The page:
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  (Source: worldcorrespondents.com)

  (Source: solarenergyfacts.org)
Integrating Renewable Electricity on the Grid report urges for solutions regarding energy storage, long-distance transmission and forecasting

The American Physical Society's Panel on Public Affairs (POPA) has released a report which offers suggestions on what is needed to both establish a national renewable electricity standard as well as merge the divided U.S. grid system. 

The report, Integrating Renewable Electricity on the Grid, provides several recommendations for setting a national renewable electricity standard and linking the fragmented U.S. grid system in an effort to move forward with a broader use of solar and wind power. 

In the report, the POPA suggested that the U.S. Department of Energy (DOE) should focus on energy storage, since the wind may not always blow and the sun may not always shine. If there is a shortage of electricity to a household, this could hinder their way of life for an uncertain period of time. The development of a strategy for energy storage in grid-level applications would show regulators the benefits that storing energy brings to generation and transmission services on the grid. The POPA also recommends increasing research and development in basic electrochemistry as a way of choosing materials that could be used in the storage devices. In addition, a review of the technological potential of battery chemistries should be conducted to see if they could be applied to grid storage and energy.

"We need to move faster to have storage ready to accommodate, for example, 20 percent of renewable electricity on the grid by 2020," said George Crabtree, co-chairman of the POPA study panel and a senior scientist at Argonne National Laboratory. "And, by devoting the necessary resources to the problem, I am confident that we can solve it."

Long-distance transmission is another problem facing the grid. The long-distance transmission of electricity from areas that have plenty of wind and sun to areas that do not is a challenge the DOE must overcome. To do so, the POPA suggests accelerating research and development on wide band gap power electronics as a way of controlling power flow on the grid. Creating semiconductor-based circuit breakers at 200 kilovolts and 50 kilo amperes as well as alternating to direct current conversion options could aid in controlling this power flow. Also, the POPA noted that extending the Office of Electricity program on High Temperature Superconductivity for 10 years while concentrating on the direct current superconducting cables for transmission would assist in insuring long-distance transmission.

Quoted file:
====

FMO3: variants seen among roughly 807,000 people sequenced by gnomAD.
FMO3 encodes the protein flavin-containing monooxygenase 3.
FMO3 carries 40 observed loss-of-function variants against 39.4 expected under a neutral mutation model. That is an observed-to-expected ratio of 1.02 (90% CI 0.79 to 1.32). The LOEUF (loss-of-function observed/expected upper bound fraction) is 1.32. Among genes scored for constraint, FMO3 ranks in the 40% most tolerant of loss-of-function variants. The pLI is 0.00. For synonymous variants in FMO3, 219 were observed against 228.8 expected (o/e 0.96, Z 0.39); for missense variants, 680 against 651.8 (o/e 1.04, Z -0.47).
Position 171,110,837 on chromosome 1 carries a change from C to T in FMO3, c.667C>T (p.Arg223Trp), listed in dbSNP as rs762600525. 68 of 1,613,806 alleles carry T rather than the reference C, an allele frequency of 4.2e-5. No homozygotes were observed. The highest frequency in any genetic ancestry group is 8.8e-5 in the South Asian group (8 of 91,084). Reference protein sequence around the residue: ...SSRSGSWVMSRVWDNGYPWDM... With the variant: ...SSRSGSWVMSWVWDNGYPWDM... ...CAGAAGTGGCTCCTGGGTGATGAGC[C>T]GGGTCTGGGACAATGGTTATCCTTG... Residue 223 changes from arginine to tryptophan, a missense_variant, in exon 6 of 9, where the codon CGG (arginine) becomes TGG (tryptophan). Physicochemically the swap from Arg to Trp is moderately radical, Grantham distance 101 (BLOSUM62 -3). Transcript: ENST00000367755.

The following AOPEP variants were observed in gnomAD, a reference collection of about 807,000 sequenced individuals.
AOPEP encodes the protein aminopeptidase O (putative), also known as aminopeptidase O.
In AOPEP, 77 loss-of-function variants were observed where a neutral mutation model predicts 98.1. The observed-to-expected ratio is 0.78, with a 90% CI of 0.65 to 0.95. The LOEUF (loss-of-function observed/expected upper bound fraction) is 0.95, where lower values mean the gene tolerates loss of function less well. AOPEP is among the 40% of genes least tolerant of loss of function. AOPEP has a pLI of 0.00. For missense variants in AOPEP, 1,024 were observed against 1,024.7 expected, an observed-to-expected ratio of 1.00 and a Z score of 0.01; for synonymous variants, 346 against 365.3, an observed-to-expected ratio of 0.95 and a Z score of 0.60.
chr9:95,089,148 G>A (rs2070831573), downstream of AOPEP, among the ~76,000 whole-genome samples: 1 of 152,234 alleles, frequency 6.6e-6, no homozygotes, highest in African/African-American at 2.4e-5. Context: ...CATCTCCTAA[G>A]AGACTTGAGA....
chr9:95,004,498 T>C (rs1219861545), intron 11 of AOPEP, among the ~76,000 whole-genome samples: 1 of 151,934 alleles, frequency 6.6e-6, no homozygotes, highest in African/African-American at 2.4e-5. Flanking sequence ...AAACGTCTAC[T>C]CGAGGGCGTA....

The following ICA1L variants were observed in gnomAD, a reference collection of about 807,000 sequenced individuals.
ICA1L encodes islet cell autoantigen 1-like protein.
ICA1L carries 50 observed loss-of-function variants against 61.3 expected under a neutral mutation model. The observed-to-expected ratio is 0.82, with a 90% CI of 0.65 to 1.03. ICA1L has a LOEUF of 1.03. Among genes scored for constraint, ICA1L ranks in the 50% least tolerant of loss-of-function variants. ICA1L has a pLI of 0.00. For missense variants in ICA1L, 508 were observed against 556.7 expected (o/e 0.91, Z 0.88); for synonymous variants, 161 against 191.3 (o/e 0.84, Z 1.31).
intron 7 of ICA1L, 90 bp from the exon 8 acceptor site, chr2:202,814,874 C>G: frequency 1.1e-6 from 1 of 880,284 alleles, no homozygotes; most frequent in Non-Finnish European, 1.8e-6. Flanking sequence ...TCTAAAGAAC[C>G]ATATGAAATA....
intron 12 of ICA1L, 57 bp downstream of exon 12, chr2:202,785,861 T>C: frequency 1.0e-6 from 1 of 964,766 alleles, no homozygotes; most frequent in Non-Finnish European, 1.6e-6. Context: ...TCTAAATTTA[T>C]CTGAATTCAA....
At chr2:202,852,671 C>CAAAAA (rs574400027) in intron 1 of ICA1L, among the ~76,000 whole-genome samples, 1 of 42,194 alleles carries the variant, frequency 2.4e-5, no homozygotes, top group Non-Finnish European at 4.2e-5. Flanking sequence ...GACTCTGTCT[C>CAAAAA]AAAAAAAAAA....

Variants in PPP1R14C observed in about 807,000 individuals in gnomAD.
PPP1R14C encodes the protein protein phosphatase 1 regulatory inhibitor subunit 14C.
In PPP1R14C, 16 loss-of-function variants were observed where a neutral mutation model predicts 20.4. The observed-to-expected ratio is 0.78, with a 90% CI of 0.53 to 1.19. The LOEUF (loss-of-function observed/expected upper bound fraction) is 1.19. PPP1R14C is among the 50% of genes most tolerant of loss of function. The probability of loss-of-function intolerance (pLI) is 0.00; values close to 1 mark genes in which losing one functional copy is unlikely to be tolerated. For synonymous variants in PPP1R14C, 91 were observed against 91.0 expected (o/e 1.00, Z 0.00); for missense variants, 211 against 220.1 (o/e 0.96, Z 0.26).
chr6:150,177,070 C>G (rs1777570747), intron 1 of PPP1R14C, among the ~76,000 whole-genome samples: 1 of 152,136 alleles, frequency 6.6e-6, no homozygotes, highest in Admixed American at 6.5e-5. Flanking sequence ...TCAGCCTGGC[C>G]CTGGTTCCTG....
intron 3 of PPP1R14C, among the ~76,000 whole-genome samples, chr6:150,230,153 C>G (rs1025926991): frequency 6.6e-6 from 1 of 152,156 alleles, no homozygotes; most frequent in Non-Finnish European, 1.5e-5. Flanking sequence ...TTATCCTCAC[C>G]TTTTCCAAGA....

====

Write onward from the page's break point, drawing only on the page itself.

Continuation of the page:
What makes this report different from many other grid studies is that its recommendations provide scientific and business perspectives. On the business side of things, the POPA urges the Federal Energy Regulatory Commission and the North American Electric Reliability Corporation to first develop an "integrated business case" that covers the value of electricity storage and renewable generation as far as transmission and distribution goes. Then, adopt a "uniform integrated business case" that serves as the final evaluation and regulatory structure along with the state Public Utility Commissions. 

Forecasting is the final category of recommendation the POPA addresses, suggesting that the National Oceanic and Atmospheric Administration, the National Center for Atmospheric Research, the National Weather Service and private vendors change time scales from hours to days in order to improve the accuracy of wind and weather forecasts. Also, wind plant operators, regulatory agencies and forecast providers should create uniform standards for both preparing and delivering power and wind generation forecasts. Regulatory agencies and Wind plant operators were also urged to create operating procedures to reply to power generation forecasts, develop criteria for contingencies and response to weather disturbances, and design response other than using conventional reserve, such as electricity storage and distant transmission. 




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RE: Argh
By rvd2008 on 11/17/2010 1:05:17 PM , Rating: 2
You compare building solar farm from scratch with adding a nuke reactor to existing facility. It's not a fair comparison. Do you have apple to apple example? When was the last nuclear plant build from scratch in this country? Including complete fuel cycle: mining, enriching, storage, reprocessing and disposal? How many decades are needed to build one nuclear plant?